INSIGHTS (on leadership/self-leadership)
Empathy is a misunderstood term. It’s the capacity to understand what others are feeling/thinking and relate. It’s making others feel seen and heard, so they know they’re not alone. Within this definition, you can divide empathy into two types – affective and cognitive. Affective empathy is the ability to sense other’s emotions and feel those emotions along with them. “I can see that you’re sad, I can’t help but feel sad too.” Cognitive empathy is the ability to put yourself in others shoes and truly understand what they’re feeling/thinking. “I see you’re sad, I understand why, and can relate.” Most of us have pretty good affective empathy. It’s cognitive empathy we struggle with. In fact, I believe we’re in the Great Cognitive Empathy crisis – it’s why we’re becoming more and more divisive, with less and less tolerance for one another’s viewpoints. Know that it’s not enough to just sense and feel emotions along with others. You have to put in the effort to understand the other person and expand your tolerance. Open up versus shut down. Learn more versus listen less. As a starting point, take this test designed by researchers at Berkeley to measure your level of affective and cognitive empathy.
IMPERFECTIONS (a mistake many make)
A key role of leaders is to share their time, their vision, their goals, and their resources. Often forgotten in the mix, though, is the need to share information – and to think of it as a strategy. It’s a strategy because it’s a choice; you can choose to invest the time and energy to share information consistently and efficiently, or not. You can choose to protect your power base and hoard information or see the wisdom in opening communication up. When you choose the latter, it reduces crippling uncertainty for employees, helps them understand the bigger picture, and better equips them to do their job. The act of sharing information itself can take place in town halls, staff meetings, 1 on 1’s, or via periodic emails or reports. More importantly, simply thinking of info sharing as a strategy to help make your team more engaged, effective, and connected (which is exactly what it is), makes you far more likely to commit to it.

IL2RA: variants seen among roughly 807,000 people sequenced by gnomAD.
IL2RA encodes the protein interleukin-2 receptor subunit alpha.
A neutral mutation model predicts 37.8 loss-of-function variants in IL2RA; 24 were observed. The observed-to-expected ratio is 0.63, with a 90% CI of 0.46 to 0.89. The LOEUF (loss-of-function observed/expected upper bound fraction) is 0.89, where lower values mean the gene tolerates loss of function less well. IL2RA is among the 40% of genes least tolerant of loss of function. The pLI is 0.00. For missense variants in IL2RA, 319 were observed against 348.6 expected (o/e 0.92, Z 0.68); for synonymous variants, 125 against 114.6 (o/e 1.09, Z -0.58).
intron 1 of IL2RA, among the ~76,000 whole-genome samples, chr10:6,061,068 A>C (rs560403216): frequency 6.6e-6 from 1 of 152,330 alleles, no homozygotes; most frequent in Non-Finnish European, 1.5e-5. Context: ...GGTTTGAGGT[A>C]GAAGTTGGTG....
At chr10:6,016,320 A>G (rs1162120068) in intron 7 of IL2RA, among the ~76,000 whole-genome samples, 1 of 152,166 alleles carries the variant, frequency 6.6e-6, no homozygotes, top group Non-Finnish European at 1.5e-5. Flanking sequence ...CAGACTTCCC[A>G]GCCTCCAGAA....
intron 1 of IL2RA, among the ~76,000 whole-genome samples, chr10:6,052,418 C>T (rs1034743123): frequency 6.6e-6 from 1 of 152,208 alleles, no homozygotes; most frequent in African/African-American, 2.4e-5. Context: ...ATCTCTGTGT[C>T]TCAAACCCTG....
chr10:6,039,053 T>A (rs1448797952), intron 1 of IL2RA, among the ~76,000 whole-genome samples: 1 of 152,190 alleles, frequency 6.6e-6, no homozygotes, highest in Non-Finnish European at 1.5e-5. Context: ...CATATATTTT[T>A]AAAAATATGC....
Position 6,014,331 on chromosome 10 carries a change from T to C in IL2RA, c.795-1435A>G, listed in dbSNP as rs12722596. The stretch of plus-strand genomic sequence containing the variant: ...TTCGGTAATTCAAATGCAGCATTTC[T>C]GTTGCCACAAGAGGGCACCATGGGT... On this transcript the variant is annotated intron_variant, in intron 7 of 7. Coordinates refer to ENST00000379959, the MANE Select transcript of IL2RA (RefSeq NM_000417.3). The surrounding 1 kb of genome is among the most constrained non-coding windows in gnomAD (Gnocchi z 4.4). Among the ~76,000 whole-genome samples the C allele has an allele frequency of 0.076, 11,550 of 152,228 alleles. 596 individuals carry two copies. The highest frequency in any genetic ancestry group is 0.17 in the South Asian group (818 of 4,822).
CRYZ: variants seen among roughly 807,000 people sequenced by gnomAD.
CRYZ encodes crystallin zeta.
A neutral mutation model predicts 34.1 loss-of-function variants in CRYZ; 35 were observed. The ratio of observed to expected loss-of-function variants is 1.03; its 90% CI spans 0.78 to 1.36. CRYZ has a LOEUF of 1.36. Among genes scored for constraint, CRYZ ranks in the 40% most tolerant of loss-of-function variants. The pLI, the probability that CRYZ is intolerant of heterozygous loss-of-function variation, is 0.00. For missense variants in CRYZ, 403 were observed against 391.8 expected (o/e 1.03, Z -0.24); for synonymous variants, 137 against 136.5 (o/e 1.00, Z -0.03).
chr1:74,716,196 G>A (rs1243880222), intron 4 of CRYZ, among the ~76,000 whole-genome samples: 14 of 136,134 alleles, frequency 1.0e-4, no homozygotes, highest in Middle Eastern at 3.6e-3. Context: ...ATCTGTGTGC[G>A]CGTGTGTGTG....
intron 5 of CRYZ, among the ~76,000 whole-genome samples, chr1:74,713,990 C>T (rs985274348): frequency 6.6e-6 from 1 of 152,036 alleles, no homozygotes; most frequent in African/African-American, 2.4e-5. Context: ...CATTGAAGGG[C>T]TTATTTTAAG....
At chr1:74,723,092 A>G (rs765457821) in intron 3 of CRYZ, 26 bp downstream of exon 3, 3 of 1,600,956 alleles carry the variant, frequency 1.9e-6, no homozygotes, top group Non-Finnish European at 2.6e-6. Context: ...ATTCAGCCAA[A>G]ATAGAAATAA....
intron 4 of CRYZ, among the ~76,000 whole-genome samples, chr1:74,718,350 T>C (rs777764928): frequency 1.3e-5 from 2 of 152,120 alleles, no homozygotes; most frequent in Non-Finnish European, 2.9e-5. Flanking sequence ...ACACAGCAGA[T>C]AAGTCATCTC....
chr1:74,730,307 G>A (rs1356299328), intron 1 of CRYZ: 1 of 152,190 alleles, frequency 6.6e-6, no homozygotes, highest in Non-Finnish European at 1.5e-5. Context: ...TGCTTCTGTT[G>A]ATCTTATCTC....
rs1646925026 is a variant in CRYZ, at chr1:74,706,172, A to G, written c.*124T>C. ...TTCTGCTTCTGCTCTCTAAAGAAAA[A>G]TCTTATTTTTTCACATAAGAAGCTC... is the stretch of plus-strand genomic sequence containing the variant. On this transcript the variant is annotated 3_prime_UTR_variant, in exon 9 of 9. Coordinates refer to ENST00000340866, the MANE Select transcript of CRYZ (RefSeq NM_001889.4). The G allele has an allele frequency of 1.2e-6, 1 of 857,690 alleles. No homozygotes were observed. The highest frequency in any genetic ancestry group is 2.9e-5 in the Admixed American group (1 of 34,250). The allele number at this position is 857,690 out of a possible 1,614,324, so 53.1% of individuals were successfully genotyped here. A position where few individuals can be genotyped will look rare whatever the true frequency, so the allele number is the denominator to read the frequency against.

IMPLEMENTATION (one research-backed strategy, tip, or tool)
While you admirably give of yourself when people-pleasing, you’re giving away more than you realize. You sacrifice the power of sharing the authentic you. For example, you suppress your voice and what you’re really thinking in a meeting. You avoid confrontation, missing the opportunity to change a situation for the better. To please others, gain approval, and be liked, you say yes to yet another request when inside you’re screaming “No way!” You act like a robotic version of you, not the real version of you. To help overcome all this, repeat one sentence when you feel your people-pleasing habits surfacing:
“Think of the You-niverse, not the universe.”
It’s a self-reminder to stop trying to be everything for everybody in a bid for acceptance. Start with you, set healthy boundaries, and take care of your needs, first. That way, you stay balanced, energized, and better able to serve others in a more authentic way.